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Baker's Dozen

Bristol Fashion: Mark Stewart Of The Pop Group's 13 Favourite Albums
Julian Marszalek , March 22nd, 2012 06:44

Julian Marszalek talks to post punk agitator Mark Stewart about 13 favourite albums

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Fundi - None Shall Escape: Radical perspectives In The Caribbean

It was one of those moments in your life when suddenly you hear something and it changes everything. Luckily in my life I’ve been near to where things have been kicking off – early Cockney Rebel gigs, the beginning of punk, seeing a lot of the really good dub reggae artists, a lot of good funk people, the post-punk thing with Joy Division, the industrial thing and then when techno kicked off and now with all this dubstep stuff happening. Same goes for political things. And with all of it, certain things conjure up a time.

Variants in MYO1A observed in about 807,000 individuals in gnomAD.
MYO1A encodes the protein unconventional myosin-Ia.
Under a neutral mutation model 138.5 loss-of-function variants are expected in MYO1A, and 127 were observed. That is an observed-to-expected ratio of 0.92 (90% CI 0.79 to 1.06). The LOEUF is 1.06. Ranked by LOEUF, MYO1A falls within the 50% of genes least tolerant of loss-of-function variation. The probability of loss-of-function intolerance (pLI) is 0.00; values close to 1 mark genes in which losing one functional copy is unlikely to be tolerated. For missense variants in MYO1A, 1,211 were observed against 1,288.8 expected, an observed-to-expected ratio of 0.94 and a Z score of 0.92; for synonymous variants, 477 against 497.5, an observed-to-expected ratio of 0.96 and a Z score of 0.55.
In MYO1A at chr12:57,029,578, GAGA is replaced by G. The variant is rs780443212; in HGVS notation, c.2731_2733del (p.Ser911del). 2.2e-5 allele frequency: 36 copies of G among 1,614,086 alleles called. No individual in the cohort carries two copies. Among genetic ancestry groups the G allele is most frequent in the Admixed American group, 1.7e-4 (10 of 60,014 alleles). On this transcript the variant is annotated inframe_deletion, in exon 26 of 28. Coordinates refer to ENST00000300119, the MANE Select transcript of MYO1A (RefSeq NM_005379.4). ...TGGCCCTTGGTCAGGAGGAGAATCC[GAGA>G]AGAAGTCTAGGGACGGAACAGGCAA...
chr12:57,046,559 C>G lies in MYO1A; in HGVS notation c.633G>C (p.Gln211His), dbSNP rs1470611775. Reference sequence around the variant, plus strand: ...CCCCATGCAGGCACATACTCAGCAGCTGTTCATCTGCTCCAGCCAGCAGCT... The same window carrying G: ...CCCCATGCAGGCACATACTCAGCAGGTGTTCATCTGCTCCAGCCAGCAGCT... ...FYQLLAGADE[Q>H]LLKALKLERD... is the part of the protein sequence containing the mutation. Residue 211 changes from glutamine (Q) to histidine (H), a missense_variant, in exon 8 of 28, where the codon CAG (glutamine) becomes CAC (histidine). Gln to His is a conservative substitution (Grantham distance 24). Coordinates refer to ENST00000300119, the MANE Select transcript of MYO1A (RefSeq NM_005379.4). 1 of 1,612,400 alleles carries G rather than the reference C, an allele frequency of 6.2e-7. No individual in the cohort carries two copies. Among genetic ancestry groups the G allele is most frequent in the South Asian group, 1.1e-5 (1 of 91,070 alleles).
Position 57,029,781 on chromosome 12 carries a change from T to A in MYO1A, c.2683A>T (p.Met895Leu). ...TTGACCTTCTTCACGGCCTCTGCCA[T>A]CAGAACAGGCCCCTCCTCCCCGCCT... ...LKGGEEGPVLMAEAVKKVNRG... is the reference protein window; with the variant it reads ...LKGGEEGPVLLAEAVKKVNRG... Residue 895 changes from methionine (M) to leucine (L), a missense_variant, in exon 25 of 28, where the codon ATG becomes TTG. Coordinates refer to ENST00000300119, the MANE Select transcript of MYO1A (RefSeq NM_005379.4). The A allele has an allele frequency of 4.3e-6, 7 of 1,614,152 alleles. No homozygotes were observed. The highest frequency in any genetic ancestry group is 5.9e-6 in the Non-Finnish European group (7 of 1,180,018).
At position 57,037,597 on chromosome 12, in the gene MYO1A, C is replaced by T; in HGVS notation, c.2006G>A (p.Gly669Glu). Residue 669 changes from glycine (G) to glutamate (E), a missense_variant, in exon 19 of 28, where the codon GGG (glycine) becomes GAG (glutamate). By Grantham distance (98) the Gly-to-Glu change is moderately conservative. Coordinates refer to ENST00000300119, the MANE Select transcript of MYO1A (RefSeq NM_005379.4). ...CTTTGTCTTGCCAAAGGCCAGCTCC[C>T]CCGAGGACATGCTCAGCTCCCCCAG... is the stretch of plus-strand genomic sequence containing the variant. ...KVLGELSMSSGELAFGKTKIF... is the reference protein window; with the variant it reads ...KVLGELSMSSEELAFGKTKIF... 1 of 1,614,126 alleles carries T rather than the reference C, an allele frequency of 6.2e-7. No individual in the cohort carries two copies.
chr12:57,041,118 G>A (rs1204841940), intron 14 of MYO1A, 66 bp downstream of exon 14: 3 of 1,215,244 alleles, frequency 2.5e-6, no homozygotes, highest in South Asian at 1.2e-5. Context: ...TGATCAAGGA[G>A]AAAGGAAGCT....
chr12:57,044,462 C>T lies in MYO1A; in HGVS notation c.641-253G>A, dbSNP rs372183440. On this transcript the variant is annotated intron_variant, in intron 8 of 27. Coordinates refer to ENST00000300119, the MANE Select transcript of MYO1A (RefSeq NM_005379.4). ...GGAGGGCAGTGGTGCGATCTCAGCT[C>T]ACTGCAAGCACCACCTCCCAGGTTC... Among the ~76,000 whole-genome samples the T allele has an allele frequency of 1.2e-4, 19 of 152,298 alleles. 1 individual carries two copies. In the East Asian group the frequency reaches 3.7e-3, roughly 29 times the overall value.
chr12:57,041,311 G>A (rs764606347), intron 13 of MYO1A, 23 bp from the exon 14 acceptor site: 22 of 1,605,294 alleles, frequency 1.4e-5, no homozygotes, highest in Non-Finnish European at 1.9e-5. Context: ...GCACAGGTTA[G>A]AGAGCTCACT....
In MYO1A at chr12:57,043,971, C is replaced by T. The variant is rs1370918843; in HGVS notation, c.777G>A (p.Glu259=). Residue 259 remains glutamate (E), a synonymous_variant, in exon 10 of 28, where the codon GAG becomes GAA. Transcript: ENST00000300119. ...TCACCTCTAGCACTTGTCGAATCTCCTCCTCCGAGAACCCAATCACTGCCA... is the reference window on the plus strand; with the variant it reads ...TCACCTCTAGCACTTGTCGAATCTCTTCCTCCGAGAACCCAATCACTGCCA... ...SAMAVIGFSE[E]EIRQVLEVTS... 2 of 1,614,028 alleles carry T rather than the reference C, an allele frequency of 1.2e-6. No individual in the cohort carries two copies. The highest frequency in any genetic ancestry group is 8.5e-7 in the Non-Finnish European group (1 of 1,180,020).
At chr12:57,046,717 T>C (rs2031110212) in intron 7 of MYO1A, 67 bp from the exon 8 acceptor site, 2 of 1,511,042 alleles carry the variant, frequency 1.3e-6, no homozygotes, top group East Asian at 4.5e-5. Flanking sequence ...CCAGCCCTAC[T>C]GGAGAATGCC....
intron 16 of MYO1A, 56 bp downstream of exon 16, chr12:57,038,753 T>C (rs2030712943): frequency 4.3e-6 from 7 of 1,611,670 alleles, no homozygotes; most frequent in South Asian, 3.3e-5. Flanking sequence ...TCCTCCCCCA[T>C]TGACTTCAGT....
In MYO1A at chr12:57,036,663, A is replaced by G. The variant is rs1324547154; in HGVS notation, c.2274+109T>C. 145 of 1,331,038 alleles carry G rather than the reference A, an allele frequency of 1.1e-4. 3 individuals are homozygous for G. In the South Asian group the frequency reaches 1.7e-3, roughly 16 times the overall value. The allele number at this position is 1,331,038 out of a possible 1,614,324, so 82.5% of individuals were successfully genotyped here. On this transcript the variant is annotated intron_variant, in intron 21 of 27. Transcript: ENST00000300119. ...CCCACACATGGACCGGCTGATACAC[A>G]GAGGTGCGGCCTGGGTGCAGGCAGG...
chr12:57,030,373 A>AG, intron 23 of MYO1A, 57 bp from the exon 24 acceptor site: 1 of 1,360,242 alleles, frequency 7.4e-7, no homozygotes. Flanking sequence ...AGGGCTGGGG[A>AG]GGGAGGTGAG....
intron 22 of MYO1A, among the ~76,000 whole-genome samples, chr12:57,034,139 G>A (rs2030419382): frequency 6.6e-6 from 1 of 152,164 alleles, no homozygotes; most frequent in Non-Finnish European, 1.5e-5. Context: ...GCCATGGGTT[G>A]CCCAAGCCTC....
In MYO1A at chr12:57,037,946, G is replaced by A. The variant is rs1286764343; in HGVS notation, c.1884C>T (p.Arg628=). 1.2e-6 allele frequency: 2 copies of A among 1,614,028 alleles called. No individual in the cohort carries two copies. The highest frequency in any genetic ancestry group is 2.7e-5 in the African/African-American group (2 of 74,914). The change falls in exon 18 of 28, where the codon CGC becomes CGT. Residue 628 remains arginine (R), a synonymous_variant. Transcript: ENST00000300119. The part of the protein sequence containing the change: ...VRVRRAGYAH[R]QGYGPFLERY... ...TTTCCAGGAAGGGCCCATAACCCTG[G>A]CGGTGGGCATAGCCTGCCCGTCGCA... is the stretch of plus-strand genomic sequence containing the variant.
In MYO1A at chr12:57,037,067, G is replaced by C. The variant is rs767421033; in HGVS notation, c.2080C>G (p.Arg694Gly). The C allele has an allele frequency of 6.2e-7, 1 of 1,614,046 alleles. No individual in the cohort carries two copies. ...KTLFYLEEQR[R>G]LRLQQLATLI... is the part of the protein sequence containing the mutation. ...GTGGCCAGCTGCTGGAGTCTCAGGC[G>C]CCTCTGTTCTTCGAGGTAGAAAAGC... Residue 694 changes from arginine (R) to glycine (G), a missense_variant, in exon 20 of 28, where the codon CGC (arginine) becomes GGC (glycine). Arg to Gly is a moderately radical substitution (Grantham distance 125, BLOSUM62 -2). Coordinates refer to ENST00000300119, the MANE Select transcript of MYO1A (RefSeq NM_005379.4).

When I was kid I had this guru who ran a bookshop called Political Bookshops and on the way home from school we’d go to the junk shops and look at the records and in the bookshops we’d look at these weird, political theory things. There was this book called Vodka Cola, which destroyed the whole myth of the Cold War, and those things really blew my mind.

I picked up this record from Compendium Books and [a lot of spoken word records] and it blew my mind in the same way that music does. I thought, “Fucking hell! There are situationists in the Caribbean!” Finding out there are working class people in the Caribbean who are into situationism is just mental to me. Obviously, I’d been buying loads and loads of reggae and people who I really like such as Michael Smith and people that we’d worked with like Linton Kwesi Johnson so I’m drawn to that spoken word stuff as well. My stuff is kind of in that tradition.

This is just so out there and weird and it adds a new slant on situationism. For a certain period of my life I’d just leave this out when people came round. I dined out on it for a while! I didn’t have a lot of time to check up on it but there was this Jamaican guy called Fundi and they were talking about collective revolt in Jamaica and he gave this weird speech in patois and it hit me more than hearing some middle class French guy talking about it.


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